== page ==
Traders on the floor of the New York Stock Exchange.
Stock futures were mostly higher in early morning trading Friday after the major indexes fell on Thursday amid concerns of a slowdown in global economic growth.
Futures on the Dow Jones Industrial Average rose 146 points, or 0.4%. S&P 500 futures bounced by 0.2% and Nasdaq-100 futures were slightly lower.
The yield on the 10-year Treasury rebounded 5 basis points to 1.34%, easing concerns about an economic slowdown (1 basis point is 0.01%). Falling yields have mystified investors lately, with the 10-year yield falling to 1.25% at its low on Thursday.
The stocks that led the losses on Thursday led the gains in premarket trading Friday. Bank of America jumped nearly 2% in early trading, leading a bounce in financial shares. Royal Caribbean and Carnival each popped more than 2%. American Airlines and United Airlines gained more than 1%.
Shares of GM gained 2% after Wedbush said the stock is a buy and could jump more than 50% as investors realize the extent of its tech and electric vehicle evolution.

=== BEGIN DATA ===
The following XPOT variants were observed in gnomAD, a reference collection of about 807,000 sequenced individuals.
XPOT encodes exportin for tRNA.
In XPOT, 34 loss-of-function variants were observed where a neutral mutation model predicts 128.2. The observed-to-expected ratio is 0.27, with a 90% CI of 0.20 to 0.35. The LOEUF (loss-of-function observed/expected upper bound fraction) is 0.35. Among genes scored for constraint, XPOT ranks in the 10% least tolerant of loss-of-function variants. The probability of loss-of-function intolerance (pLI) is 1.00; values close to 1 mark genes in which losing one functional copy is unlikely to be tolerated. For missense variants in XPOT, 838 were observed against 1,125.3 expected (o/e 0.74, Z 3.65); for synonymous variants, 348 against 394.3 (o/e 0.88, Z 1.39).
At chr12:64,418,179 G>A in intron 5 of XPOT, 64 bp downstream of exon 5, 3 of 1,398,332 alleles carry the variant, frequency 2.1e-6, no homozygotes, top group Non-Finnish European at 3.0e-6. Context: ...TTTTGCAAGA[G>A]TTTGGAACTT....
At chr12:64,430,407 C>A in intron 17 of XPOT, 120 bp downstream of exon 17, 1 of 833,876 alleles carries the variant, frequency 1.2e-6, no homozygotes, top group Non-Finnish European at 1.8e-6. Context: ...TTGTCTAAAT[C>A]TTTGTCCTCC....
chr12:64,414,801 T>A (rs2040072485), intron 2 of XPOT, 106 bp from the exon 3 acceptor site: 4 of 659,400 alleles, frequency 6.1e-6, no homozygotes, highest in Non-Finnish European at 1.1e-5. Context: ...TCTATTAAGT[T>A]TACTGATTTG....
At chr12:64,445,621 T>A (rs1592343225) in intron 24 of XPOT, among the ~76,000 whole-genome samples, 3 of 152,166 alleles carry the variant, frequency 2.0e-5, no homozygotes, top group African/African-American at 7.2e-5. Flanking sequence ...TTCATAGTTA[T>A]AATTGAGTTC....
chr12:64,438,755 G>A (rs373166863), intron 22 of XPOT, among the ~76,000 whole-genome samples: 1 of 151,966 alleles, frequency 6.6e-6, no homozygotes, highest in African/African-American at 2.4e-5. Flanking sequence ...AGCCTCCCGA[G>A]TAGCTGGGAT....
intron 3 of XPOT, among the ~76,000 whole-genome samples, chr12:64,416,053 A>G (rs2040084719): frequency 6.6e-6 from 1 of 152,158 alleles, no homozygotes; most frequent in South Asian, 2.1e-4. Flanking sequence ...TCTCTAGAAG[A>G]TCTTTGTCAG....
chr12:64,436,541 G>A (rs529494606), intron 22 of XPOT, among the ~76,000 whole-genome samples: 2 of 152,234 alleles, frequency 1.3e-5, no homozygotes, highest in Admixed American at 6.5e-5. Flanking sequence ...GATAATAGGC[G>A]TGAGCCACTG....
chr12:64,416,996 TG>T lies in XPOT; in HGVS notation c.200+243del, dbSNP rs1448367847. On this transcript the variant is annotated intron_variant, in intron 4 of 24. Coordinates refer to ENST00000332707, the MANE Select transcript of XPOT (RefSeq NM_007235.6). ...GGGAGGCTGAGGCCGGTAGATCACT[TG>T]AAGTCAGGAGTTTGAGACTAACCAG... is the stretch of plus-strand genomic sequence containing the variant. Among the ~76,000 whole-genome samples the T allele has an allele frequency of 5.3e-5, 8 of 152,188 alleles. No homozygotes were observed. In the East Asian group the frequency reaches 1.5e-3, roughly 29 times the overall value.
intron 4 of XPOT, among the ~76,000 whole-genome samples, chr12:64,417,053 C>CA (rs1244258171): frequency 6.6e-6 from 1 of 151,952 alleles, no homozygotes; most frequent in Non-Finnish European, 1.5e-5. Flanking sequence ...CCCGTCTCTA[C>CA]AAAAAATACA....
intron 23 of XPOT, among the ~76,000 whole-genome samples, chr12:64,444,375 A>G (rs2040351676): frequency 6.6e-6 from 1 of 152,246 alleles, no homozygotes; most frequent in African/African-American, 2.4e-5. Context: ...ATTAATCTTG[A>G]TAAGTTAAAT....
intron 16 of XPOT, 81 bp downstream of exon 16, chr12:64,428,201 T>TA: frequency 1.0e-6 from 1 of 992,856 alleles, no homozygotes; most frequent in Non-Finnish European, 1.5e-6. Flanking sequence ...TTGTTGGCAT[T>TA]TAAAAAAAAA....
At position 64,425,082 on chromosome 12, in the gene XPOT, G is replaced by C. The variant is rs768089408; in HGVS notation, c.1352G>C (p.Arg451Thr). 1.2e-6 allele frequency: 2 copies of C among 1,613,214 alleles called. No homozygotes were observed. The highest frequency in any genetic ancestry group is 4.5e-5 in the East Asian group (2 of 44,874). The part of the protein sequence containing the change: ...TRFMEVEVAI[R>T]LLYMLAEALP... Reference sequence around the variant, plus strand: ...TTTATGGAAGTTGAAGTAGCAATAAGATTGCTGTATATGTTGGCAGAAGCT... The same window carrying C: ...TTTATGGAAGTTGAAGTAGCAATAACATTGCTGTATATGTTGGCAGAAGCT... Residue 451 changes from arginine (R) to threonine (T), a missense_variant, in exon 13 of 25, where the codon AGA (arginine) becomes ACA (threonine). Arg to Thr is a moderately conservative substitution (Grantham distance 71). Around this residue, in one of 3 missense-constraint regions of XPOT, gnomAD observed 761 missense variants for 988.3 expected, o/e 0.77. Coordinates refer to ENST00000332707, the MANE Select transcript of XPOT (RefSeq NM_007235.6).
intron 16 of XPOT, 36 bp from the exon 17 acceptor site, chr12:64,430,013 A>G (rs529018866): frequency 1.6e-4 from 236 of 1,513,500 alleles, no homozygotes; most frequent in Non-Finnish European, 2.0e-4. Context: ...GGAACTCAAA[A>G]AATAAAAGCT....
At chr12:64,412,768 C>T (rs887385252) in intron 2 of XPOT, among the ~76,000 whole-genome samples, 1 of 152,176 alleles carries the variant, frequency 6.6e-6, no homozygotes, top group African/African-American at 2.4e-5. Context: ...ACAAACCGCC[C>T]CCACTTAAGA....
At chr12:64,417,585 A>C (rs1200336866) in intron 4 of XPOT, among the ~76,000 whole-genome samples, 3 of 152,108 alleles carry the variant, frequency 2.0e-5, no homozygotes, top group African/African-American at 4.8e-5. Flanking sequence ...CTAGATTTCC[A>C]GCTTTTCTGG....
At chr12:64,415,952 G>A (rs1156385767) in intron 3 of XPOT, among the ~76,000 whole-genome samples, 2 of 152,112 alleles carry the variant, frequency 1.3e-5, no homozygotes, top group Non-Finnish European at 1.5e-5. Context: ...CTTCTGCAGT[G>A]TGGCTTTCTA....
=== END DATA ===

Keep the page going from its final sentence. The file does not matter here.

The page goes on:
Thursday’s losses came as the proliferation of the highly infectious delta Covid variant also fueled worries about the global economic comeback. The Olympics announced a ban of spectators at Tokyo’s summer games as Japan declared a state of emergency to curb the spread of coronavirus.
The Dow closed Thursday’s regular session lower by 259.86 points, or 0.75%. The S&P 500 dipped 0.86% while the Nasdaq broke a four-day win streak by falling 0.72%.
For the week, the Dow is down 1.1%, the S&P 500 is off by 0.7% and the Nasdaq Composite has shed 0.5%.
Shares of companies tied to the economic comeback weighed on the market Thursday. Major cruise line, airline and home improvement stocks slumped. Chip stocks also dropped and Big Tech names retreated after gaining in previous sessions.
“[T]he market continues to contemplate what to do after growth peaks and the Fed turns off the spigot (neither of which have necessarily happened yet) and ahead of a 2Q21 earnings season that starts next Tuesday,” Goldman Sachs’ Chris Hussey said in a note Thursday.
The latest jobless claims report released Thursday also indicated a potential slowdown in the labor sector as first-time applicants for unemployment benefits unexpectedly jumped to 373,000 in the week ending July 3. Economists were looking to see 350,000 initial claims, according to Dow Jones.